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Nichole Newman talks about the Max Kade German-American Research and Resource Center

The Max Kade Center will host a second Book Club on Dec. 5th, 2020 at 12p (Eastern), featuring Dr. Priscilla Layne (UNC Chapel Hill) leading a discussion of Nora Krug’s graphic novel Belonging: A German Reckons with History and Home.  This event is conceptualized for the community, and is open to all faculty, staff, students, and friends.  Please consider attending or sending along to your students as an opportunity to analyze graphic novels, discuss narrative strategies, confront memory and post-memory, or to explore notions of history and heritage.  More about the event and registration can be found at the Max Kade website (under the Events) tab.  Registration is required, and one only buy or rent the book to get started.

The Athenaeum at 401 E. Michigan St. in Indianapolis.

The IUPUI Max Kade German-American Center, which is both a scholarly institution and a resource for the Indianapolis community and Indiana more broadly, has an office Athenaeum, in the Mass Ave Arts District in downtown Indianapolis.

The original name of the Athenaeum was Das Deutsche Haus, which reflects its heritage as a center for German culture. After the outbreak of World War I, the name was changed due to anti-German sentiments in Indianapolis.

Nichole Newman, Director of the Max Kade Center and assistant professor of World Languages and cultures at the IUPUI School of Liberal Arts, notes that the building, built in 1894, began as a Turner building, which housed a German American gymnastic club called a Turnverein.

“You’ll find their buildings all over the United States […] so there’s a long tie-in with a German-American community specifically with that building,” she says.

Author Kurt Vonnegut’s architect grandfather’s firm Vonnegut & Bohn designed this Athenaeum and clubhouse, as well as the Southside Turnverein at 306 Prospect St., which was renovated in 2018.  

Many Turnverein club members might have had German ancestry without ever having been to Germany, or they might have moved to the U.S. from Germany as children. Having a German background is not one immutable thing. Accordingly, Newman sees a role for the Max Kade Center in exploring hyphenated identities.

 “So I see the roots of the center, not just in experiencing or exploring German American identity specifically but also creating affiliations to other hybrid-identities,” says Newman. 

Events this fall, which have been entirely online due to the pandemic, have included a discussion with Nigerian-German Sheri Hagen and the screening of her film At Second Glance (Auf den zweiten Blick).

“She grew up in Lagos in Nigeria, and so she does have experience of having inhabited different places and I see a very strong affiliation between a Nigerian-German and a German American,” says Newman. “That’s why I brought her on. Also, it’s just an incredible opportunity to have such an accomplished filmmaker and actor come to Indianapolis virtually to give our students and our faculty and our community members a chance to speak with somebody who has done wonderful work in the film industry and the television industry in Germany as well.”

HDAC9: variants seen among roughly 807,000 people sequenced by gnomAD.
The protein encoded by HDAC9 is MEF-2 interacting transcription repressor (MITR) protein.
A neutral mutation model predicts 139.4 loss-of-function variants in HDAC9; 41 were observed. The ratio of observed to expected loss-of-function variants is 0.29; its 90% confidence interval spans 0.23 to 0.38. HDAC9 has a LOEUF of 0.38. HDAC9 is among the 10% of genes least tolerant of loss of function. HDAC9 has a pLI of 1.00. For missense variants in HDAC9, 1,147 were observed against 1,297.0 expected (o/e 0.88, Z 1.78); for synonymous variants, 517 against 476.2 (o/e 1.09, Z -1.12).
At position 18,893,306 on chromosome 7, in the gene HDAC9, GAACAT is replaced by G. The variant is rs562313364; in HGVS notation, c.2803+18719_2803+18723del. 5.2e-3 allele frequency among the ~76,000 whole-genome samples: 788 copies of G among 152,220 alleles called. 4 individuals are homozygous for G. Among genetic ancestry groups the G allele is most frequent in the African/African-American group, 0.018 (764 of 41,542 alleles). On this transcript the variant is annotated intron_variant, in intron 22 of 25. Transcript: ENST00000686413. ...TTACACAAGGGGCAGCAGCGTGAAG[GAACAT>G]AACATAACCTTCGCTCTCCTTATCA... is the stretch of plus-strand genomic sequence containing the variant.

One of the innovations Newman brought to the Max Kade Center as director is a virtual book club. The next Max Kade Center is Dec. 5, at 12 PM EST featuring Dr. Priscilla Layne from the University of North Carolina at Chapel Hill. She will be leading a discussion of “Belonging: A German Reckons with History and Home.”  Registration for the discussion is free.  

The Max Kade Center was a co-sponsor with the Athenaeum for a Spirit & Place Festival event on Nov. 6 titled, “The Origins of Fascism.”  This event was a rare occurrence for the center: an in-person event.  

The center was a co-sponsor of the Carmel Christkindlmarkt, the annual Christmas market that occurs at Carmel City Center, but that’s been canceled this year.  Like everybody else involved in the arts and humanities, Newman is eager for a vaccine that will allow her to schedule in-person events.

This is the second year Newman has been running the center. Previously she was a postdoctoral fellow at the Berlin Program for Advanced German and European Studies, Freie Universität Berlin.

“This is great for me because I also have a lot of experience with nonprofit management in addition to teaching German and researching German cinema,” said Newman. “So it was sort of a happy marriage of my professional experience. The center has been around since the 80s. Itt was started by Dr Giles Hoyt, who is now a professor emeritus, and Dr. Ruth Reichmann, who has donated so much money, and her husband was a professor here at IUPUI. She taught and worked as an adjunct as well.”

While the Max Kade Center is, according to Newman, one of the smaller groups on campus, size does not diminish the group’s importance.

“We’re not just an academic center but we also work with the community and we also focus on teaching students, so we really wear a lot of different hats,” she says.

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